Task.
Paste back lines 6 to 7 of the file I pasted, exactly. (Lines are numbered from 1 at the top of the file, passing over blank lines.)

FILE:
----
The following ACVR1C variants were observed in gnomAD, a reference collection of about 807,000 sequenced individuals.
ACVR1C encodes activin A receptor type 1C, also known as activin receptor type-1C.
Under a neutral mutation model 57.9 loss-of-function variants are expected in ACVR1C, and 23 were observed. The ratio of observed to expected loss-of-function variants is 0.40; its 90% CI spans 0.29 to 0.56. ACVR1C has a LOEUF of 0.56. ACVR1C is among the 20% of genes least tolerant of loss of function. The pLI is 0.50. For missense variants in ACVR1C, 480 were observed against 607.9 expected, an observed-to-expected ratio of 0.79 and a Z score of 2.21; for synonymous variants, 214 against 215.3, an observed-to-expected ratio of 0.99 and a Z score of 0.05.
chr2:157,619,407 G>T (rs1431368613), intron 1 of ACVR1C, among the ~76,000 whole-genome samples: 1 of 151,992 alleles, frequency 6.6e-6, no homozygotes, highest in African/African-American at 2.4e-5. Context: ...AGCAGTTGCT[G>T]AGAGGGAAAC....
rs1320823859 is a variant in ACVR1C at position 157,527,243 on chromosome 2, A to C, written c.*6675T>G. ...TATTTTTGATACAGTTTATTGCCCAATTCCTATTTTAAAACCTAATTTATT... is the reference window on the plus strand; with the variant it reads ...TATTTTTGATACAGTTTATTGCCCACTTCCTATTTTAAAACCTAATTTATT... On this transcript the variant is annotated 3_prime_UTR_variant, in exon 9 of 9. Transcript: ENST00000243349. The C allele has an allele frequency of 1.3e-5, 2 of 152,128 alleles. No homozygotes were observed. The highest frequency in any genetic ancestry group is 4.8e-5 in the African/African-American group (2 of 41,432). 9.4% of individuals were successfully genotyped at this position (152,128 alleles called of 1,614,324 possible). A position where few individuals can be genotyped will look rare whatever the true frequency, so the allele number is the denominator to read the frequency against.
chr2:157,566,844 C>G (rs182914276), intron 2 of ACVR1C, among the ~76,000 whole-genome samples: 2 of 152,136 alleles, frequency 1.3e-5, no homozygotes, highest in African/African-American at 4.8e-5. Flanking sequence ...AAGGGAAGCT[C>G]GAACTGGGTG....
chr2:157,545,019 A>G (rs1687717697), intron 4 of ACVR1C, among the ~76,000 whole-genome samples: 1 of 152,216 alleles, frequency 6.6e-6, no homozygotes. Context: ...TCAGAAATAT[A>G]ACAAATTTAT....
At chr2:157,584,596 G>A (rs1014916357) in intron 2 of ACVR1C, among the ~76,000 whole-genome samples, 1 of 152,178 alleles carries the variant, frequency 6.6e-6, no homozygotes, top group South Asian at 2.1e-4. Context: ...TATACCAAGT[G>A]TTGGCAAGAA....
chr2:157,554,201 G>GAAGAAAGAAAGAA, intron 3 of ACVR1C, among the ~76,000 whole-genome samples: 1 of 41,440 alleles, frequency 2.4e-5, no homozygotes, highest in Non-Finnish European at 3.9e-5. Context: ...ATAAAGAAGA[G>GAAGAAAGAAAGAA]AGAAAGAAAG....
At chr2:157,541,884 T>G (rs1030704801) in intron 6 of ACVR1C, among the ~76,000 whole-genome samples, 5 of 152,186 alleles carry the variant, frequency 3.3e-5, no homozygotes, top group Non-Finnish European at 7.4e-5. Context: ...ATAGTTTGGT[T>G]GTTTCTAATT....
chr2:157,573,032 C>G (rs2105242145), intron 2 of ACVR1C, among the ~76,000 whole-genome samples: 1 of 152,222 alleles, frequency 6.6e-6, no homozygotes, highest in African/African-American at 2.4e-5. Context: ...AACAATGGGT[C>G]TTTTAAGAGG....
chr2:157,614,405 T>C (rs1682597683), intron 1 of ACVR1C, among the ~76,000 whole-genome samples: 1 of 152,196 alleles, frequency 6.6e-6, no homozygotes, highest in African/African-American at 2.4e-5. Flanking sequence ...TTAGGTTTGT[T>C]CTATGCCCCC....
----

chr2:157,566,844 C>G (rs182914276), intron 2 of ACVR1C, among the ~76,000 whole-genome samples: 2 of 152,136 alleles, frequency 1.3e-5, no homozygotes, highest in African/African-American at 4.8e-5. Flanking sequence ...AAGGGAAGCT[C>G]GAACTGGGTG....
chr2:157,545,019 A>G (rs1687717697), intron 4 of ACVR1C, among the ~76,000 whole-genome samples: 1 of 152,216 alleles, frequency 6.6e-6, no homozygotes. Context: ...TCAGAAATAT[A>G]ACAAATTTAT....